Etymology
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semiconductor (n.)

1838, "material whose electrical conductivity is between that of a conductor and that of an insulator," from semi- + conductor. Modern very specific sense is recorded from 1931. Related: Semi-conducting (1782).

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off-peak (adj.)

"that is not at the maximum," 1906, originally in reference to electrical systems, from off- (adj.) (see off (prep.)) + peak (n.).

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self-starter (n.)

1894, "electrical device for starting an engine;" 1960, of persons (especially workers) who habitually act on their own initiative; see self- + starter. Self-starting (adj.), of motors, is attested from 1866.

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transformer (n.)

c. 1600, "one who or that which transforms," agent noun from transform (v.). Meaning "device to reduce electrical currents" is from 1882.

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impedance (n.)

"hindrance," especially and originally "resistance due to induction in an electrical circuit," 1886, from impede + -ance. The classically correct formation would be *impedience.

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voltaic (adj.)

1813, designating electricity produced by chemical action, formed in recognition of Italian physicist Alessandro Volta (1745-1827), who perfected a chemical process used in electrical batteries, + -ic.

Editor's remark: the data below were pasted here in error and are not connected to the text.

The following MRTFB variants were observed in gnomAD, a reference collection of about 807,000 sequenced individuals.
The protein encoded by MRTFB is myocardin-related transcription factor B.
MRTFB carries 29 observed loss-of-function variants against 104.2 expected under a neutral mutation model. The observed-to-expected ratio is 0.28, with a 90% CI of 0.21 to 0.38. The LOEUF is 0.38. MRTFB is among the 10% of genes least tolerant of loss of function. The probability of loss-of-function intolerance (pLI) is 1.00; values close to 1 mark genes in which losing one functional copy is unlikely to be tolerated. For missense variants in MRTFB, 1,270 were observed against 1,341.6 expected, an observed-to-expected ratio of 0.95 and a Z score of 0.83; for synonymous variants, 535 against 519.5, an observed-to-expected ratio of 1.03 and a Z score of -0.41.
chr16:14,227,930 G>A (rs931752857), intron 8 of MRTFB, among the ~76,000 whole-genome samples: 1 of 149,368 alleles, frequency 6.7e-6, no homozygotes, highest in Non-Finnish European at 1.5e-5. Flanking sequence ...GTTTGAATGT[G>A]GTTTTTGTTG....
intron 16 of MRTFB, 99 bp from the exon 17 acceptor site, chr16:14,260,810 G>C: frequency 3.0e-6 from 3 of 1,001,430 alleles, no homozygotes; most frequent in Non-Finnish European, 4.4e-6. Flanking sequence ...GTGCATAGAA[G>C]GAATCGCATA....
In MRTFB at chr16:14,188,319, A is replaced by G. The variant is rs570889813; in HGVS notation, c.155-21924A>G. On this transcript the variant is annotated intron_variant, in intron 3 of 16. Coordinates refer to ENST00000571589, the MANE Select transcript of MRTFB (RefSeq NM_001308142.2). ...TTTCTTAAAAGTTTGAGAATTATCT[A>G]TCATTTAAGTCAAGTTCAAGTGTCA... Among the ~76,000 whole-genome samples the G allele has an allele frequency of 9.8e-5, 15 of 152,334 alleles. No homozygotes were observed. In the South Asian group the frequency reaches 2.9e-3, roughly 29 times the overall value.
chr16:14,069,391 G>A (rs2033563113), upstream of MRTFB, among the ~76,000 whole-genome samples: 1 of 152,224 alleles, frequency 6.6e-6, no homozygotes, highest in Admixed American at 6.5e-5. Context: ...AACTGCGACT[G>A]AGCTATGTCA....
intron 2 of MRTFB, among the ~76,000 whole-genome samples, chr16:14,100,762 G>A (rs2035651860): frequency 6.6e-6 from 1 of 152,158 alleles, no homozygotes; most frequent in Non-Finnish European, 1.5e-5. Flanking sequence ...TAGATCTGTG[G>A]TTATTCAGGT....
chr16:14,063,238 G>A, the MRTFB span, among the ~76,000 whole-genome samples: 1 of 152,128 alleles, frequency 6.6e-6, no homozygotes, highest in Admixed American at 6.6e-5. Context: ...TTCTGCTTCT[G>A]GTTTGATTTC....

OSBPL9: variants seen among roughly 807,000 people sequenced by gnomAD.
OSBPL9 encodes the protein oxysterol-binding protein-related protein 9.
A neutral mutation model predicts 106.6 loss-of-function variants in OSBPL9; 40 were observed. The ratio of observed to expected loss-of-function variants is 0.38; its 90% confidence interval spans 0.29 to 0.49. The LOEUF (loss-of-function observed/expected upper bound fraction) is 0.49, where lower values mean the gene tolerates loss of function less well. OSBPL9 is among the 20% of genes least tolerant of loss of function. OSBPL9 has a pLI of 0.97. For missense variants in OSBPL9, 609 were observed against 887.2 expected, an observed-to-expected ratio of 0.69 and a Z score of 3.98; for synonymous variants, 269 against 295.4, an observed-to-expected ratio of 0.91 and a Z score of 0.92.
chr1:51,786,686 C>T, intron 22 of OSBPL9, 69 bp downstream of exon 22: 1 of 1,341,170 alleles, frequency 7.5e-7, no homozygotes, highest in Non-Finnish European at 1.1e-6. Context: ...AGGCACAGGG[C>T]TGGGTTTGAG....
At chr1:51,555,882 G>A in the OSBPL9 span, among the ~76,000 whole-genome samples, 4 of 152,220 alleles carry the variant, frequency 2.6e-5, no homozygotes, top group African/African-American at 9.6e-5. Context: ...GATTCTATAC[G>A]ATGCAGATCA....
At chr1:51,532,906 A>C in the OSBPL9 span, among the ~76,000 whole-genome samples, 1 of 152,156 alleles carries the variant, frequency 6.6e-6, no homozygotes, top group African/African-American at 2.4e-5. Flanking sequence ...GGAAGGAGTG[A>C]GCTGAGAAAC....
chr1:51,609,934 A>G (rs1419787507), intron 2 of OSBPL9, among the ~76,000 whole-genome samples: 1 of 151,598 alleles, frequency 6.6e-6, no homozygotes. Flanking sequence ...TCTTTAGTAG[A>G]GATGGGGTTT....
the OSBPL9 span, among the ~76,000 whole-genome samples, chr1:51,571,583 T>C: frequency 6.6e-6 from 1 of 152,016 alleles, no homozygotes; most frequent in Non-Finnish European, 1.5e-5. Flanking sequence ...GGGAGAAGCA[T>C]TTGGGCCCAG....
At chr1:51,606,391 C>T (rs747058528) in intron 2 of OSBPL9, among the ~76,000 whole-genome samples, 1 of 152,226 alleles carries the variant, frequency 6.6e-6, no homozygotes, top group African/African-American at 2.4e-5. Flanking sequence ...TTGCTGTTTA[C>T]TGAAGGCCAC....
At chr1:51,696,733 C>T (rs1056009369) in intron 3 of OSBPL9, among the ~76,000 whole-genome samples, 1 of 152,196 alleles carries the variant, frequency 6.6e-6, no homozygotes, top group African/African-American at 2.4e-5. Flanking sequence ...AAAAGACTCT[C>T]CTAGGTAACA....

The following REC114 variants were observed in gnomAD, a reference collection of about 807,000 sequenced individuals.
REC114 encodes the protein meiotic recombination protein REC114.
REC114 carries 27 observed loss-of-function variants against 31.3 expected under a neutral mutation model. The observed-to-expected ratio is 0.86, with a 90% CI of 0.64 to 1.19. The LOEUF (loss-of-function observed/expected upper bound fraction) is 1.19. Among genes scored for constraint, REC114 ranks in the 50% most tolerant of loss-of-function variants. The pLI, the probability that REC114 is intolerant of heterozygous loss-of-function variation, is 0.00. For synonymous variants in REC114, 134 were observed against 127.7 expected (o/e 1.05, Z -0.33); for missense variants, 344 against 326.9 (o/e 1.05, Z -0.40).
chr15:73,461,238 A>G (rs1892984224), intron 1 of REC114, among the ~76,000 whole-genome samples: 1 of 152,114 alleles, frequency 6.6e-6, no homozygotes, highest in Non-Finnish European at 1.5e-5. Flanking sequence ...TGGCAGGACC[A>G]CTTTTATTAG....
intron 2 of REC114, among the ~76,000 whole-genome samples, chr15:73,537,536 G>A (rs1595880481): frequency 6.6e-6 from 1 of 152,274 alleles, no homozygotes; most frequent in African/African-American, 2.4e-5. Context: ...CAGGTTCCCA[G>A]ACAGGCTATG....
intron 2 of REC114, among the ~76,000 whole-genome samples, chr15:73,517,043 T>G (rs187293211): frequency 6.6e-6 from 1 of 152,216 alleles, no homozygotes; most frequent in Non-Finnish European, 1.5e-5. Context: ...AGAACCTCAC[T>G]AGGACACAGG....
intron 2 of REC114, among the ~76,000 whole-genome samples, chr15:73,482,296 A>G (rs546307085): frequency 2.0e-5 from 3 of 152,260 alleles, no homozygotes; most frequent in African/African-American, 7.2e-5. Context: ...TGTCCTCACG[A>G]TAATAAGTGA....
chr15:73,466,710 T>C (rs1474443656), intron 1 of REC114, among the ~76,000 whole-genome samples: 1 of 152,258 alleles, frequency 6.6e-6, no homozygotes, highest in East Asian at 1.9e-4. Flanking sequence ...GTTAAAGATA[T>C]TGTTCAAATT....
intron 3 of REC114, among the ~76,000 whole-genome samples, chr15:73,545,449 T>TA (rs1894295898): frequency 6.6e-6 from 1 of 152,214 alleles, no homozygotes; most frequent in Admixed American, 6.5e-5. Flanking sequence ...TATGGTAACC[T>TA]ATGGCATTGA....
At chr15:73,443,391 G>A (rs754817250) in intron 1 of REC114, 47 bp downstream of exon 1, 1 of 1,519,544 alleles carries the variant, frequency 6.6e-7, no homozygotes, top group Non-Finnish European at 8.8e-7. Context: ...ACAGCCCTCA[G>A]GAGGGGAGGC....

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electro- 

before vowels electr-, word-forming element meaning "electrical, electricity," Latinized form of Greek ēlektro-, combining form of ēlektron "amber" (see electric). As a stand-alone, formerly often short for electrotype, electroplate.

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lead-in (n.)

1913, in electrical wiring, from verbal phrase; see lead (v.1) + in (adv.). General sense of "introduction, opening" is from 1928, originally in music.

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superpower (n.)

1944, in geopolitical sense of "nation with great interest and ability to exert force in worldwide theaters of conflict," from super- + power (n.). The word itself is attested in physical (electrical power) senses from 1922.

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raster (n.)

"scanning field," 1934 in electrical engineering, from German Raster "screen, frame," from Latin rastrum "rake," from rasum, from rodere "to scrape" (see rodent). Related: Rasterization; rasterize. From Latin form rastellum comes French râteau "rake," formerly ratel, originally rastel.

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